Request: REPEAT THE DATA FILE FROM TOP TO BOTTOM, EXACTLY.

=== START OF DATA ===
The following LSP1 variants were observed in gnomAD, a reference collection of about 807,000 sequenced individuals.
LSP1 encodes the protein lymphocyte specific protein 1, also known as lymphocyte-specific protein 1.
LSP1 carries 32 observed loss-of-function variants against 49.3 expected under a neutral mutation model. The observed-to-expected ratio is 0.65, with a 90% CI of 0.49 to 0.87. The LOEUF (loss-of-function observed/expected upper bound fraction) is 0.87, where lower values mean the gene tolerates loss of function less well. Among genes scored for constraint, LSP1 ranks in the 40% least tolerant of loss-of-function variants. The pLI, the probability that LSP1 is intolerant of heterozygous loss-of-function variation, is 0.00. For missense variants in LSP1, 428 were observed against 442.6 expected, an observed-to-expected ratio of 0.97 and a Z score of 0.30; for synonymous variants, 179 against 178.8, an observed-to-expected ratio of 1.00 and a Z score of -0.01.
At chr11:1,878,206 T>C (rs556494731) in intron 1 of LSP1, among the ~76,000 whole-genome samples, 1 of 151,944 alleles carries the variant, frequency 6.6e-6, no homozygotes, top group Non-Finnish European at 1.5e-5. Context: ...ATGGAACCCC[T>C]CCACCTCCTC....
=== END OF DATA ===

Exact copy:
The following LSP1 variants were observed in gnomAD, a reference collection of about 807,000 sequenced individuals.
LSP1 encodes the protein lymphocyte specific protein 1, also known as lymphocyte-specific protein 1.
LSP1 carries 32 observed loss-of-function variants against 49.3 expected under a neutral mutation model. The observed-to-expected ratio is 0.65, with a 90% CI of 0.49 to 0.87. The LOEUF (loss-of-function observed/expected upper bound fraction) is 0.87, where lower values mean the gene tolerates loss of function less well. Among genes scored for constraint, LSP1 ranks in the 40% least tolerant of loss-of-function variants. The pLI, the probability that LSP1 is intolerant of heterozygous loss-of-function variation, is 0.00. For missense variants in LSP1, 428 were observed against 442.6 expected, an observed-to-expected ratio of 0.97 and a Z score of 0.30; for synonymous variants, 179 against 178.8, an observed-to-expected ratio of 1.00 and a Z score of -0.01.
At chr11:1,878,206 T>C (rs556494731) in intron 1 of LSP1, among the ~76,000 whole-genome samples, 1 of 151,944 alleles carries the variant, frequency 6.6e-6, no homozygotes, top group Non-Finnish European at 1.5e-5. Context: ...ATGGAACCCC[T>C]CCACCTCCTC....